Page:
Harshita is a psychologist and works to support people with mental health issues, particularly adolescents who are survivors of violence. Associated with the Azadi Foundation in UP, Harshita became an MHM Fellow with YKA, with the aim of promoting better menstrual health.

Her campaign #MeriMarzi aims to promote menstrual health and wellness, hygiene and facilities for female sex workers in UP. She says, “Knowledge about natural body processes is a very basic human right. And for individuals whose occupation is providing sexual services, it becomes even more important.”

Meri Marzi aims to ensure sensitised, non-discriminatory health workers for the needs of female sex workers in the Suraksha Clinics under the UPSACS (Uttar Pradesh State AIDS Control Society) program by creating more dialogues and garnering public support for the cause of sex workers’ menstrual rights. The campaign will also ensure interventions with sex workers to clear misconceptions around overall hygiene management to ensure that results flow both ways.

Read more about her campaign.

MH Fellow Sabna comes with significant experience working with a range of development issues. A co-founder of Project Sakhi Saheli, which aims to combat period poverty and break menstrual taboos, Sabna has, in the past, worked on the issue of menstruation in urban slums of Delhi with women and adolescent girls. She and her team also released MenstraBook, with menstrastories and organised Menstra Tlk in the Delhi School of Social Work to create more conversations on menstruation.

With YKA MHM Fellow Vineet, Sabna launched Menstratalk, a campaign that aims to put an end to period poverty and smash menstrual taboos in society. As a start, the campaign aims to begin conversations on menstrual health with five hundred adolescents and youth in Delhi through offline platforms, and through this community mobilise support to create Period Friendly Institutions out of educational institutes in the city.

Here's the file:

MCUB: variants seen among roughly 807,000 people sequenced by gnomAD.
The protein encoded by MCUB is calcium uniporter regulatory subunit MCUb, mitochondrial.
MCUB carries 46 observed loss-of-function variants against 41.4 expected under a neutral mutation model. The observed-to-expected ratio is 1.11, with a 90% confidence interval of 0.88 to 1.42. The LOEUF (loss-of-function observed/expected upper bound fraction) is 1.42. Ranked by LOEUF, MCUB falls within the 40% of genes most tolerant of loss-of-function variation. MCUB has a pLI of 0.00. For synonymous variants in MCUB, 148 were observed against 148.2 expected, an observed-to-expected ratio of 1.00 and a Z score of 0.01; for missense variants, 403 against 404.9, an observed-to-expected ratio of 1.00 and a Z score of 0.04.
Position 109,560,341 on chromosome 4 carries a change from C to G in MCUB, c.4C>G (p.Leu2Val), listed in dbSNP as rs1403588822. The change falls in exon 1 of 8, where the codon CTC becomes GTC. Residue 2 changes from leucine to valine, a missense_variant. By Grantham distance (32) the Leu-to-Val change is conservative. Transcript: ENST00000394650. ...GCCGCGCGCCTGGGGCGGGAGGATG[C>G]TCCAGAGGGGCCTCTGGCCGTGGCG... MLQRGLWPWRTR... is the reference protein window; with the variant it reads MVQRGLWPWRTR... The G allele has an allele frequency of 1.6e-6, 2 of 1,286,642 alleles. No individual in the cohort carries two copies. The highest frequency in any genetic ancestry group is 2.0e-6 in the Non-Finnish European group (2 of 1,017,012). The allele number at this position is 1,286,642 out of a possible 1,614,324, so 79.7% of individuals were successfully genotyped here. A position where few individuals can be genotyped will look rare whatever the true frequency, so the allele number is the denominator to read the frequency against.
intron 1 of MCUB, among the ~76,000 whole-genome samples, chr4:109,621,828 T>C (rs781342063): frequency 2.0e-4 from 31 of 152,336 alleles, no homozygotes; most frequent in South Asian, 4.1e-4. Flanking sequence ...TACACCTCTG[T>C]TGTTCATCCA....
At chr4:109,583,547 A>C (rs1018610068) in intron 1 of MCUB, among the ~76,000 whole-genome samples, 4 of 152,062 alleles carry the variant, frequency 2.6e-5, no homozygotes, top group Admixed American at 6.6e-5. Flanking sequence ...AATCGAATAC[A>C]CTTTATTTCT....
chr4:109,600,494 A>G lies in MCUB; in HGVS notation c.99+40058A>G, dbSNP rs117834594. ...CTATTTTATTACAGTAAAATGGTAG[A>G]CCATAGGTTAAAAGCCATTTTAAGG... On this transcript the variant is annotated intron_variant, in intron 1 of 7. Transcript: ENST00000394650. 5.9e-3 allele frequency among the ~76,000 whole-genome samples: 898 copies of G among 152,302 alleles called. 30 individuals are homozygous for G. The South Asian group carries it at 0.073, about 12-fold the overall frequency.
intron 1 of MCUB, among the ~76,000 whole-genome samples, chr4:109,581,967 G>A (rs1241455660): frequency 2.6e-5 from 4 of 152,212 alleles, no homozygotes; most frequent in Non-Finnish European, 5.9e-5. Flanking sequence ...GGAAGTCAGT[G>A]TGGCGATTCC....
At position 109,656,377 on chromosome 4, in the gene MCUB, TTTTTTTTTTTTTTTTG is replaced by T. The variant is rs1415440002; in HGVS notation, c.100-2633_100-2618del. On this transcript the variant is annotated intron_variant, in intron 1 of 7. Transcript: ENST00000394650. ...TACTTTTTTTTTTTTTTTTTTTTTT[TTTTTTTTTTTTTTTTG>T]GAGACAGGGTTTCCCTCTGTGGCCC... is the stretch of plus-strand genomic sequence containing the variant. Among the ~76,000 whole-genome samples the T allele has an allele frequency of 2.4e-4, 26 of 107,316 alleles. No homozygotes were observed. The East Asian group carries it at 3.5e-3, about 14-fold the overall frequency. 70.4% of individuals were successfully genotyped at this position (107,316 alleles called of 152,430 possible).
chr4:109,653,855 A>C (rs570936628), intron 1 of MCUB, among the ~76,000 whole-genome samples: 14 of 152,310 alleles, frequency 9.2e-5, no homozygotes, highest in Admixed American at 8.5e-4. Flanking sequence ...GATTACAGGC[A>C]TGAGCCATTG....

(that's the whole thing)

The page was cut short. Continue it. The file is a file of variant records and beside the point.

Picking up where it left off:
Read more about her campaign. 

A student from Delhi School of Social work, Vineet is a part of Project Sakhi Saheli, an initiative by the students of Delhi school of Social Work to create awareness on Menstrual Health and combat Period Poverty. Along with MHM Action Fellow Sabna, Vineet launched Menstratalk, a campaign that aims to put an end to period poverty and smash menstrual taboos in society.

As a start, the campaign aims to begin conversations on menstrual health with five hundred adolescents and youth in Delhi through offline platforms, and through this community mobilise support to create Period Friendly Institutions out of educational institutes in the city.

Find out more about the campaign here.

A native of Bhagalpur district – Bihar, Shalini Jha believes in equal rights for all genders and wants to work for a gender-equal and just society. In the past she’s had a year-long association as a community leader with Haiyya: Organise for Action’s Health Over Stigma campaign. She’s pursuing a Master’s in Literature with Ambedkar University, Delhi and as an MHM Fellow with YKA, recently launched ‘Project अल्हड़ (Alharh)’.

She says, “Bihar is ranked the lowest in India’s SDG Index 2019 for India. Hygienic and comfortable menstruation is a basic human right and sustainable development cannot be ensured if menstruators are deprived of their basic rights.” Project अल्हड़ (Alharh) aims to create a robust sensitised community in Bhagalpur to collectively spread awareness, break the taboo, debunk myths and initiate fearless conversations around menstruation. The campaign aims to reach at least 6000 adolescent girls from government and private schools in Baghalpur district in 2020.